Title

Intravascular Optical Coherence Tomography for Neurointerventional Surgery

UMMS Affiliation

New England Center for Stroke Research; Department of Radiology

Publication Date

2018-11-29

Document Type

Article

Disciplines

Cardiovascular Diseases | Diagnosis | Equipment and Supplies | Nervous System Diseases | Radiology | Surgery | Surgical Procedures, Operative | Therapeutics

Abstract

Optical coherence tomography (OCT) is a high-resolution imaging modality that uses backscattered light to produce cross-sectional images of biological tissue with micrometer resolution. The first publication using the term OCT appeared in 1991 and arose as a collaboration between the Massachusetts Institute of Technology (MIT) and Harvard University. The high-spatial resolution makes it an optimal modality for imaging pathologies which affect individual tissue layers and evaluating microfeatures of therapeutic devices. The first in vivo application of OCT was the imaging of the anterior segment of the human eye, an ideal target for this technology since the transparency of the ocular media allows for noninvasive imaging of important eye structures, such as the cornea and the retina. A few years later, the integration of fiber optic technologies into OCT systems enabled the development of intravascular imaging catheters for the in vivo visualization of coronary arteries and in situ stents in high resolution.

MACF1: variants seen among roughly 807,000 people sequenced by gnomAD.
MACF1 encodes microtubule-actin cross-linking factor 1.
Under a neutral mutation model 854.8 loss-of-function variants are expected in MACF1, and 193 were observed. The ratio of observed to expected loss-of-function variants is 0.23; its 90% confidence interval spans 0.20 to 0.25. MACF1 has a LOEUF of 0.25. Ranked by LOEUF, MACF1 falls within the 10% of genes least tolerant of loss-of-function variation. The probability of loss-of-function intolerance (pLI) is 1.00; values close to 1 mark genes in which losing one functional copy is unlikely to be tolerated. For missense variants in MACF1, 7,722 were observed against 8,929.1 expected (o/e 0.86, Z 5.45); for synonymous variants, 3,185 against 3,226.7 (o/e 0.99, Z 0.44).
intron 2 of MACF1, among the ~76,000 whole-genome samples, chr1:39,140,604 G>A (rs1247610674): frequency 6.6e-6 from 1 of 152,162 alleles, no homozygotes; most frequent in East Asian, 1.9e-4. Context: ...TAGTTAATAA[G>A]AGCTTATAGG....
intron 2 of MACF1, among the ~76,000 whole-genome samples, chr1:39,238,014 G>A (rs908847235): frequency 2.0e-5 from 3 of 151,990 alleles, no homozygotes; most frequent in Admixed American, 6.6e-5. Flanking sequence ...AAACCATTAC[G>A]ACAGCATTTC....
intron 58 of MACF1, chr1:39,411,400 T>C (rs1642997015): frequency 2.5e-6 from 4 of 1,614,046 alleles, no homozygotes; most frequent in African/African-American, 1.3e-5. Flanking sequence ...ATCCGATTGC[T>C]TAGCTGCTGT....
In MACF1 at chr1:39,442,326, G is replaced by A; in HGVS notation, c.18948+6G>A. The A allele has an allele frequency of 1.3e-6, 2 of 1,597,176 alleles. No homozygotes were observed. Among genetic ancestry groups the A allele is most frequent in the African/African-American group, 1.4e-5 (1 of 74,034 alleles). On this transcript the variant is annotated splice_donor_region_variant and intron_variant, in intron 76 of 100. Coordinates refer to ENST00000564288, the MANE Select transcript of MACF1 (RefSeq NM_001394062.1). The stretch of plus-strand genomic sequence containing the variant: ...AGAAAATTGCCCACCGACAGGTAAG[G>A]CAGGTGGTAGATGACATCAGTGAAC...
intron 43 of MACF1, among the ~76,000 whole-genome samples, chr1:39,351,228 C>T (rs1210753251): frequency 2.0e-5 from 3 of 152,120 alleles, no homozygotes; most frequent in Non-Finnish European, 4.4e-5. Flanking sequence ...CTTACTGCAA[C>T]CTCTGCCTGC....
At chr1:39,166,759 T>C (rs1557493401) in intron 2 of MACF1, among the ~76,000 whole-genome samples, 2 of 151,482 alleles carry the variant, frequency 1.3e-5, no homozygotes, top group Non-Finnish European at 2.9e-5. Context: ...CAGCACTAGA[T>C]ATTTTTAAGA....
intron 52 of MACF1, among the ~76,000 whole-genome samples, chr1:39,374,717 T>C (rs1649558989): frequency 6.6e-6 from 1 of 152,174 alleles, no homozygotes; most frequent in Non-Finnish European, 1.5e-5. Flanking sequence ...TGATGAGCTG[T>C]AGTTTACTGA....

Keywords

endovascular procedures, intracranial aneurysm, intracranial arteriosclerosis, optical coherence tomography, stents

DOI of Published Version

10.1161/STROKEAHA.118.022315

Source

Stroke. 2018 Nov 29:STROKEAHA118022315. doi: 10.1161/STROKEAHA.118.022315. [Epub ahead of print] Link to article on publisher's site

Journal/Book/Conference Title

Stroke

Related Resources

Link to Article in PubMed

PubMed ID

30580737

Share

COinS